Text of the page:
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ERIC Number: ED206047
Record Type: RIE
Publication Date: 1980
Reference Count: 0
Ability and Learning: A Theoretical and Empirical Synthesis.
Haertel, Geneva D.; Walberg, Herbert J.
To gauge the relationship between intellectual ability and learning, the authors review the work of 20 theorists and analyze empirical correlations at both the elementary and secondary school levels. Intellectual ability is defined in the paper as including intelligence, prior learning, special aptitudes, and other cognitive characteristics. The authors discuss six paradigms of intellectual ability developed by the theorists, involving operational measures (IQ tests), learning rates, stimulus-response associations, cognitive development stages, components of ability, and information processing. Next, to estimate the magnitude of the relationship between ability and learning, the authors analyze 396 correlations derived from the literature. Intellectual ability was measured in the correlations by group intelligence tests relating to verbal, nonverbal, quantitative, or "total" ability. The results indicate that overall academic achievement correlates most highly with verbal ability, followed by total ability, nonverbal ability, and quantitative ability. Correlations were consistently lower between group intelligence tests and class grades than between the intelligence tests and standardized achievement tests. (Author/RW)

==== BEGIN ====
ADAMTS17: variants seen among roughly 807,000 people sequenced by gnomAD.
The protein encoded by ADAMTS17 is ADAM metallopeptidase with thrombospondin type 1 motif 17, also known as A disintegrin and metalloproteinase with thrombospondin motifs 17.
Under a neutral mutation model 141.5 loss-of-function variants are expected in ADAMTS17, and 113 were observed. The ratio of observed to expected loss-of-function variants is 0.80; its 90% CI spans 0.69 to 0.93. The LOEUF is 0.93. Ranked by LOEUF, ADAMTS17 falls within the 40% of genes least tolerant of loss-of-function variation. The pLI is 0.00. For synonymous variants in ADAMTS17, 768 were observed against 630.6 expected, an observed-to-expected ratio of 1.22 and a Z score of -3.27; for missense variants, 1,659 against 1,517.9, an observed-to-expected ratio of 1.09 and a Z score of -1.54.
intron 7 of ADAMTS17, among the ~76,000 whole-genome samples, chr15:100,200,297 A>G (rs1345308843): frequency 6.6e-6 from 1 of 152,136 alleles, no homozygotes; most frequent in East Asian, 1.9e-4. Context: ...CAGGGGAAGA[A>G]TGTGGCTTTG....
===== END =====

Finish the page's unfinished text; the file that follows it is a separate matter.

Publication Type: Information Analyses
Education Level: N/A
Sponsor: National Inst. of Education (DHEW), Washington, DC.
Authoring Institution: Illinois Univ., Chicago. Chicago Circle Campus.
Note: This document is Part K of a compilation entitled "Generalized Theory of Design and Analysis of Educational-Effectiveness Research." For related documents, see EA 013 759-761, EA 013 763-767, ED 168 714, ED 185 064, and EJ 210 984.